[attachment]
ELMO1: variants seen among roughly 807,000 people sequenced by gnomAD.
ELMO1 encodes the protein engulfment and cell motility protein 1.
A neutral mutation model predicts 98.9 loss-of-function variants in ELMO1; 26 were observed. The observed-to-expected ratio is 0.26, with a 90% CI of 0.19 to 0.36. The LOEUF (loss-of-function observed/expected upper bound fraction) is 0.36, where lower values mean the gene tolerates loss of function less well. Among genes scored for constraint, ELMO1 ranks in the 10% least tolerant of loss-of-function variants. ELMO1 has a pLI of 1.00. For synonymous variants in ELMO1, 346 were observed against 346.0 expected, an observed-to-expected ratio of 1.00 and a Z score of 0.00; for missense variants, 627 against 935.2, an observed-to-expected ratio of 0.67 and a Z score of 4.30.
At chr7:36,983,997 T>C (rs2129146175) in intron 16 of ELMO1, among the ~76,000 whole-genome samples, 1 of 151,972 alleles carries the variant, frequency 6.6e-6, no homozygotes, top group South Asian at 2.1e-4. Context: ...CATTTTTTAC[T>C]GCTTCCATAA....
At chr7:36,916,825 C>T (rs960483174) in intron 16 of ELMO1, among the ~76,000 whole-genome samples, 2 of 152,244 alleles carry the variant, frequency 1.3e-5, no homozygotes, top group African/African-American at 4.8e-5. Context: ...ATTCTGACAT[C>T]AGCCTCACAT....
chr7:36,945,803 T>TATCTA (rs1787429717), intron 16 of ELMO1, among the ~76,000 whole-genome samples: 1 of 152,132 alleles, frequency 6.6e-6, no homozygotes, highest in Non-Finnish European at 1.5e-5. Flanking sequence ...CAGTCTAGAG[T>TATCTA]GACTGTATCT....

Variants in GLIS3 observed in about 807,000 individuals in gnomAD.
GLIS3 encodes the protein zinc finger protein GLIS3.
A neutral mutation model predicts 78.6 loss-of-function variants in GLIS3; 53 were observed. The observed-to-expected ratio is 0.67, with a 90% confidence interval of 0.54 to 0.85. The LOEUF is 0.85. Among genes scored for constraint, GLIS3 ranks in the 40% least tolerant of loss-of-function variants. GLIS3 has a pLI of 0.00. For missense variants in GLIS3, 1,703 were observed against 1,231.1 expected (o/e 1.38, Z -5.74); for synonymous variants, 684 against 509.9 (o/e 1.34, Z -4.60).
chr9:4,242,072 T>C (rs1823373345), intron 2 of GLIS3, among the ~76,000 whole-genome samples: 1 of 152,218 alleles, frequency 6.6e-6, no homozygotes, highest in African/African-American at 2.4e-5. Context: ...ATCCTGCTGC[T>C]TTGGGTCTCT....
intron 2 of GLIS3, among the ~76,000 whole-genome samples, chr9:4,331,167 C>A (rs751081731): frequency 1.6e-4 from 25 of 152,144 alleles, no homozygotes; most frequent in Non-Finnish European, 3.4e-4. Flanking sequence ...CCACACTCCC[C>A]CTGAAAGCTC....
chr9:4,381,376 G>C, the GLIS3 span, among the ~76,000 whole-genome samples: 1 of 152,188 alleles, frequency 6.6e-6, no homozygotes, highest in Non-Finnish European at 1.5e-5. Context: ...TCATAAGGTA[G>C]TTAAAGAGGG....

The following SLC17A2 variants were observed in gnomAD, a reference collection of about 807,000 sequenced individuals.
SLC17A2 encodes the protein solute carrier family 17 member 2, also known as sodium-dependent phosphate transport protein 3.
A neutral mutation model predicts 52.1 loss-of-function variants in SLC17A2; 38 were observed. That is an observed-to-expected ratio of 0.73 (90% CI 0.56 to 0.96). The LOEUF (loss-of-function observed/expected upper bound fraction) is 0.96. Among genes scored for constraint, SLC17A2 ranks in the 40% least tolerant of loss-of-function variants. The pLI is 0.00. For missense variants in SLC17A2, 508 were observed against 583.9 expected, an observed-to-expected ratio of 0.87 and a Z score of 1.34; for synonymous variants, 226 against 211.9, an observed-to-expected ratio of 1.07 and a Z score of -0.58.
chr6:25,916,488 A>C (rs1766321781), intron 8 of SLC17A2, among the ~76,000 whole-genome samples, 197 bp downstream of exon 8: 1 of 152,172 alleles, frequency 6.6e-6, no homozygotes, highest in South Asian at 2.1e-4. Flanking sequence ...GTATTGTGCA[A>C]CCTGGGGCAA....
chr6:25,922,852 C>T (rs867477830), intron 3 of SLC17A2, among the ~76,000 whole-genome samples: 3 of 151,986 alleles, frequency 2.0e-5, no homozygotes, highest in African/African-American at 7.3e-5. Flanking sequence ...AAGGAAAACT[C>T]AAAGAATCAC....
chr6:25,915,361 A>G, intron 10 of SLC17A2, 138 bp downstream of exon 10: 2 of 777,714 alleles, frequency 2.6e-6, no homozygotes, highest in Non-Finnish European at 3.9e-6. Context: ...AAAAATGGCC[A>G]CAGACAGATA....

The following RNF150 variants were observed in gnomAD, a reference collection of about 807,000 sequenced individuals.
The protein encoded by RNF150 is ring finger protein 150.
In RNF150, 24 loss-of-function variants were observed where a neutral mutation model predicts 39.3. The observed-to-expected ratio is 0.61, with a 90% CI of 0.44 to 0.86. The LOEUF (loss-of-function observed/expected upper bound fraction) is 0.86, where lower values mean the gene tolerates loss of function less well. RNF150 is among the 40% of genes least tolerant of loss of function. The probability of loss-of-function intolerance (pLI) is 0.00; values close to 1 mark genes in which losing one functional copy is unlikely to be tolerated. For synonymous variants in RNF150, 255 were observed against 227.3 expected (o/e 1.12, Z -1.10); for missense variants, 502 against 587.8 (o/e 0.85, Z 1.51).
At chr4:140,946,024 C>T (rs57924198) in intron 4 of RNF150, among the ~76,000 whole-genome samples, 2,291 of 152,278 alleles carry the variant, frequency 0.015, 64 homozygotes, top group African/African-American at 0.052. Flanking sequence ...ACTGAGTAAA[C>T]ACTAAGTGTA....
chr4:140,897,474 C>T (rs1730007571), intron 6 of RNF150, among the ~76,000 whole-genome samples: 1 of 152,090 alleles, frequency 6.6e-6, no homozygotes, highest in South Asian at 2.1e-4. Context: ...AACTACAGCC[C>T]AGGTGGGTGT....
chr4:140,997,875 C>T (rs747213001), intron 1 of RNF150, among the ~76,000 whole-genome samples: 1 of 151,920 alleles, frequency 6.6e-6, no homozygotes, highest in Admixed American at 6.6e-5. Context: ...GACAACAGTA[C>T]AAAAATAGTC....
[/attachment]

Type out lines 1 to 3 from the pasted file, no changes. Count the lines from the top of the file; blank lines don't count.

ELMO1: variants seen among roughly 807,000 people sequenced by gnomAD.
ELMO1 encodes the protein engulfment and cell motility protein 1.
A neutral mutation model predicts 98.9 loss-of-function variants in ELMO1; 26 were observed. The observed-to-expected ratio is 0.26, with a 90% CI of 0.19 to 0.36. The LOEUF (loss-of-function observed/expected upper bound fraction) is 0.36, where lower values mean the gene tolerates loss of function less well. Among genes scored for constraint, ELMO1 ranks in the 10% least tolerant of loss-of-function variants. ELMO1 has a pLI of 1.00. For synonymous variants in ELMO1, 346 were observed against 346.0 expected, an observed-to-expected ratio of 1.00 and a Z score of 0.00; for missense variants, 627 against 935.2, an observed-to-expected ratio of 0.67 and a Z score of 4.30.